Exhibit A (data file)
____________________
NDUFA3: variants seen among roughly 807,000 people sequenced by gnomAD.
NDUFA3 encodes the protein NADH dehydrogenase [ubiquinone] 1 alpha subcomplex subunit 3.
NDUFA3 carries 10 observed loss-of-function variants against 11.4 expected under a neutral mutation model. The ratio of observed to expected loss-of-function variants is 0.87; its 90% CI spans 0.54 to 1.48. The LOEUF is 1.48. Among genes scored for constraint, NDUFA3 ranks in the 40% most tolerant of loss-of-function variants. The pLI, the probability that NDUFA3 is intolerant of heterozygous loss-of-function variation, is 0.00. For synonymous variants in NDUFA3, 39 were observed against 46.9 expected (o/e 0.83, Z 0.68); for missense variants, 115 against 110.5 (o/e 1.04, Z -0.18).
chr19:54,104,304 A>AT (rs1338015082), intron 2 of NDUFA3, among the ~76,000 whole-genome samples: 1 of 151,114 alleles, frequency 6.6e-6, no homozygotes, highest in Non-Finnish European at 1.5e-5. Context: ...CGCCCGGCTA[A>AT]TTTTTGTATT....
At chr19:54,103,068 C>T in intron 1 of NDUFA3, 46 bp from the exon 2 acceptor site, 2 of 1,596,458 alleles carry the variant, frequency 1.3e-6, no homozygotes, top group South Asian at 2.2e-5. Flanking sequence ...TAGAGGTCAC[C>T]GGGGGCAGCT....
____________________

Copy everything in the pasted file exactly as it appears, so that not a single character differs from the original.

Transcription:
NDUFA3: variants seen among roughly 807,000 people sequenced by gnomAD.
NDUFA3 encodes the protein NADH dehydrogenase [ubiquinone] 1 alpha subcomplex subunit 3.
NDUFA3 carries 10 observed loss-of-function variants against 11.4 expected under a neutral mutation model. The ratio of observed to expected loss-of-function variants is 0.87; its 90% CI spans 0.54 to 1.48. The LOEUF is 1.48. Among genes scored for constraint, NDUFA3 ranks in the 40% most tolerant of loss-of-function variants. The pLI, the probability that NDUFA3 is intolerant of heterozygous loss-of-function variation, is 0.00. For synonymous variants in NDUFA3, 39 were observed against 46.9 expected (o/e 0.83, Z 0.68); for missense variants, 115 against 110.5 (o/e 1.04, Z -0.18).
chr19:54,104,304 A>AT (rs1338015082), intron 2 of NDUFA3, among the ~76,000 whole-genome samples: 1 of 151,114 alleles, frequency 6.6e-6, no homozygotes, highest in Non-Finnish European at 1.5e-5. Context: ...CGCCCGGCTA[A>AT]TTTTTGTATT....
At chr19:54,103,068 C>T in intron 1 of NDUFA3, 46 bp from the exon 2 acceptor site, 2 of 1,596,458 alleles carry the variant, frequency 1.3e-6, no homozygotes, top group South Asian at 2.2e-5. Flanking sequence ...TAGAGGTCAC[C>T]GGGGGCAGCT....